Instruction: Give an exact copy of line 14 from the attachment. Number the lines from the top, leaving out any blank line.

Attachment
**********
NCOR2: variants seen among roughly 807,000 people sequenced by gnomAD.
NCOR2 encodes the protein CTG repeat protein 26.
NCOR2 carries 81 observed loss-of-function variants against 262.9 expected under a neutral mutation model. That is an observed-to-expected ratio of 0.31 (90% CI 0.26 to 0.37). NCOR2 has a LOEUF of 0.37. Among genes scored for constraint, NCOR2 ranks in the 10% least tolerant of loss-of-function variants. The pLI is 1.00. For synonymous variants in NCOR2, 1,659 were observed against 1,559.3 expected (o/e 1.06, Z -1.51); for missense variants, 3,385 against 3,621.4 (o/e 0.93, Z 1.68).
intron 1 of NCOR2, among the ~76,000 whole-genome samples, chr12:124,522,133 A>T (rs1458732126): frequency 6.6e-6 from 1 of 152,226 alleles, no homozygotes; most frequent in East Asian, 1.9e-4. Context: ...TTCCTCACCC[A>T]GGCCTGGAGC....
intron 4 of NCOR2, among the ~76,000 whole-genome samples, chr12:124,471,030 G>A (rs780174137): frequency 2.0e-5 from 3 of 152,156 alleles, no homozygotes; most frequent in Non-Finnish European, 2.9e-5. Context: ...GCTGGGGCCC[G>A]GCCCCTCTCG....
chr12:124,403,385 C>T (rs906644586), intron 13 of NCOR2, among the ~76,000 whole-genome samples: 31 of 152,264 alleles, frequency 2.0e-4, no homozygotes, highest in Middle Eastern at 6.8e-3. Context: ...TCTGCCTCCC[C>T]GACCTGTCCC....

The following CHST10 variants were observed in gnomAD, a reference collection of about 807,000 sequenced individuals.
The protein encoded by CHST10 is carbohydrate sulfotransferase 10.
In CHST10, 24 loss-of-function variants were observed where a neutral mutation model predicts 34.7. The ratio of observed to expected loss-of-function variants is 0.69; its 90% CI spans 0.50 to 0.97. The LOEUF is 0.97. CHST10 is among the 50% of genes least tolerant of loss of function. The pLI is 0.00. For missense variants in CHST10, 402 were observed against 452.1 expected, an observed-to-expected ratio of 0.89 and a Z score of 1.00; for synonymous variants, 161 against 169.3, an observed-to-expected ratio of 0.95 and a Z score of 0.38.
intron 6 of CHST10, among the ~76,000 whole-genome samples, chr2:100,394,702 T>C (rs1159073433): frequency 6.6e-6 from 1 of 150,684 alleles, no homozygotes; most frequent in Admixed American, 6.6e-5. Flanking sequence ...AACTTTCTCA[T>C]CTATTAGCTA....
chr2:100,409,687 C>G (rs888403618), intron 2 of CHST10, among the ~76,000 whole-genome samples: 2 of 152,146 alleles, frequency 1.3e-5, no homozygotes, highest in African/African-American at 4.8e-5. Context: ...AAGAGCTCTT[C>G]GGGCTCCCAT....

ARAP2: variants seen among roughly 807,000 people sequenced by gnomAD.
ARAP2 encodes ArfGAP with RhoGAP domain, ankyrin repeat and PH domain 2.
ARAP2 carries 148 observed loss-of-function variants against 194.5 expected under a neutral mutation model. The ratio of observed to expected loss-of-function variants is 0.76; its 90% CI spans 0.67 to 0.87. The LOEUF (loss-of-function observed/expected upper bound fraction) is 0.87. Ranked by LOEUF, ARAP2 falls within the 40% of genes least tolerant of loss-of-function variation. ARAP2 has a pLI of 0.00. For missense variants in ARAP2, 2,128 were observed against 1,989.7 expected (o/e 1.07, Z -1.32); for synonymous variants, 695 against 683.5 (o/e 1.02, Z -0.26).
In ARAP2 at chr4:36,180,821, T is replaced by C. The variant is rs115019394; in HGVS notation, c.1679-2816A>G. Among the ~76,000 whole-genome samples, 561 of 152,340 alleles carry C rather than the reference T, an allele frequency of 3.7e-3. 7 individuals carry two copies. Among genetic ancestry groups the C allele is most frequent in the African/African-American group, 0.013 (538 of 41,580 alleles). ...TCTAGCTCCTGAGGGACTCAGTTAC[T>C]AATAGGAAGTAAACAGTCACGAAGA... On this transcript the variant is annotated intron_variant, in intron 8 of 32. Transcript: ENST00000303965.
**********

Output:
ARAP2 carries 148 observed loss-of-function variants against 194.5 expected under a neutral mutation model. The ratio of observed to expected loss-of-function variants is 0.76; its 90% CI spans 0.67 to 0.87. The LOEUF (loss-of-function observed/expected upper bound fraction) is 0.87. Ranked by LOEUF, ARAP2 falls within the 40% of genes least tolerant of loss-of-function variation. ARAP2 has a pLI of 0.00. For missense variants in ARAP2, 2,128 were observed against 1,989.7 expected (o/e 1.07, Z -1.32); for synonymous variants, 695 against 683.5 (o/e 1.02, Z -0.26).